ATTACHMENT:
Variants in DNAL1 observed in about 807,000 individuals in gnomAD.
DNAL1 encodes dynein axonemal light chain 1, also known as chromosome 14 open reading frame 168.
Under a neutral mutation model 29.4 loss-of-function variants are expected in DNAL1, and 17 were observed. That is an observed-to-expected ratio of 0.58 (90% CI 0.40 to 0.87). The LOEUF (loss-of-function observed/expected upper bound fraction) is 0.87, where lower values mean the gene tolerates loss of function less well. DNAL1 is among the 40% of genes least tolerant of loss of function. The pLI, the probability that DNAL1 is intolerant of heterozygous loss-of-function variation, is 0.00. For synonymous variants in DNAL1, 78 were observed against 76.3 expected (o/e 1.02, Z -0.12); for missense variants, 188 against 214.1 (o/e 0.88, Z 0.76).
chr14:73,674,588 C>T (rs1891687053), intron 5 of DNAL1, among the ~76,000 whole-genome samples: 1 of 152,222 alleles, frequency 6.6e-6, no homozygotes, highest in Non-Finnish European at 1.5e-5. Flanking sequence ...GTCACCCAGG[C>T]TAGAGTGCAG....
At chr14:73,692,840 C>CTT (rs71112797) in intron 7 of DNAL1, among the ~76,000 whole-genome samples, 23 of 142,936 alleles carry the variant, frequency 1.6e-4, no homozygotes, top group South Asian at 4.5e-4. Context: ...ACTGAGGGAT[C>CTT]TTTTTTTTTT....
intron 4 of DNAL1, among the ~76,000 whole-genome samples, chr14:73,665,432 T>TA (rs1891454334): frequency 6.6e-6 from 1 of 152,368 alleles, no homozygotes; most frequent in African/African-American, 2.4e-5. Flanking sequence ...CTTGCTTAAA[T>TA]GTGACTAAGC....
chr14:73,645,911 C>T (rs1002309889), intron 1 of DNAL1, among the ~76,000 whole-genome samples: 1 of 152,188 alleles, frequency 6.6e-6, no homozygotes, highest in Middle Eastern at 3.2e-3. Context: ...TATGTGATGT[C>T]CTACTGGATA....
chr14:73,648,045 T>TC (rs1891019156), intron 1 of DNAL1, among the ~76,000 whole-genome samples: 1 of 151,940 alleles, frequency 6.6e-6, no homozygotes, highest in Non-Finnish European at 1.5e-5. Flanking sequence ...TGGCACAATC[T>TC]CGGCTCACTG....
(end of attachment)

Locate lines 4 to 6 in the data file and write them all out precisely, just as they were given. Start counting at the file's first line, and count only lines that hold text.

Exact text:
chr14:73,674,588 C>T (rs1891687053), intron 5 of DNAL1, among the ~76,000 whole-genome samples: 1 of 152,222 alleles, frequency 6.6e-6, no homozygotes, highest in Non-Finnish European at 1.5e-5. Flanking sequence ...GTCACCCAGG[C>T]TAGAGTGCAG....
At chr14:73,692,840 C>CTT (rs71112797) in intron 7 of DNAL1, among the ~76,000 whole-genome samples, 23 of 142,936 alleles carry the variant, frequency 1.6e-4, no homozygotes, top group South Asian at 4.5e-4. Context: ...ACTGAGGGAT[C>CTT]TTTTTTTTTT....
intron 4 of DNAL1, among the ~76,000 whole-genome samples, chr14:73,665,432 T>TA (rs1891454334): frequency 6.6e-6 from 1 of 152,368 alleles, no homozygotes; most frequent in African/African-American, 2.4e-5. Flanking sequence ...CTTGCTTAAA[T>TA]GTGACTAAGC....